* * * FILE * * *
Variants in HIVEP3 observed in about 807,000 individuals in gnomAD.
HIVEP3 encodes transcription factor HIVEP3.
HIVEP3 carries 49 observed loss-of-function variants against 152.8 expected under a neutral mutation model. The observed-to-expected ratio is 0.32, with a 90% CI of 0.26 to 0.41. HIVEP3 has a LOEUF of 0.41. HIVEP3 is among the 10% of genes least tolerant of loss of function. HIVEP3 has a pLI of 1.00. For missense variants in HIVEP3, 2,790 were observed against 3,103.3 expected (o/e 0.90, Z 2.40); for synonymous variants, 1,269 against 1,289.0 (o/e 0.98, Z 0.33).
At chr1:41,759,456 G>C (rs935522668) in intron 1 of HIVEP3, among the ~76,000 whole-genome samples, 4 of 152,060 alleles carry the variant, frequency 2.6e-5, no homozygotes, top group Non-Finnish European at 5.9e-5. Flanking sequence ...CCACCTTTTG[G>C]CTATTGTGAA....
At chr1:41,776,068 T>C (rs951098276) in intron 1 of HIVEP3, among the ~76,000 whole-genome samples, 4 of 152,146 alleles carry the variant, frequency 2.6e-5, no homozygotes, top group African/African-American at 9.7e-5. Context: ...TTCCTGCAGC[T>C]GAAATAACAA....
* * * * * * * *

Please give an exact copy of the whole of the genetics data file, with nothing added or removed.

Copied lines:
Variants in HIVEP3 observed in about 807,000 individuals in gnomAD.
HIVEP3 encodes transcription factor HIVEP3.
HIVEP3 carries 49 observed loss-of-function variants against 152.8 expected under a neutral mutation model. The observed-to-expected ratio is 0.32, with a 90% CI of 0.26 to 0.41. HIVEP3 has a LOEUF of 0.41. HIVEP3 is among the 10% of genes least tolerant of loss of function. HIVEP3 has a pLI of 1.00. For missense variants in HIVEP3, 2,790 were observed against 3,103.3 expected (o/e 0.90, Z 2.40); for synonymous variants, 1,269 against 1,289.0 (o/e 0.98, Z 0.33).
At chr1:41,759,456 G>C (rs935522668) in intron 1 of HIVEP3, among the ~76,000 whole-genome samples, 4 of 152,060 alleles carry the variant, frequency 2.6e-5, no homozygotes, top group Non-Finnish European at 5.9e-5. Flanking sequence ...CCACCTTTTG[G>C]CTATTGTGAA....
At chr1:41,776,068 T>C (rs951098276) in intron 1 of HIVEP3, among the ~76,000 whole-genome samples, 4 of 152,146 alleles carry the variant, frequency 2.6e-5, no homozygotes, top group African/African-American at 9.7e-5. Context: ...TTCCTGCAGC[T>C]GAAATAACAA....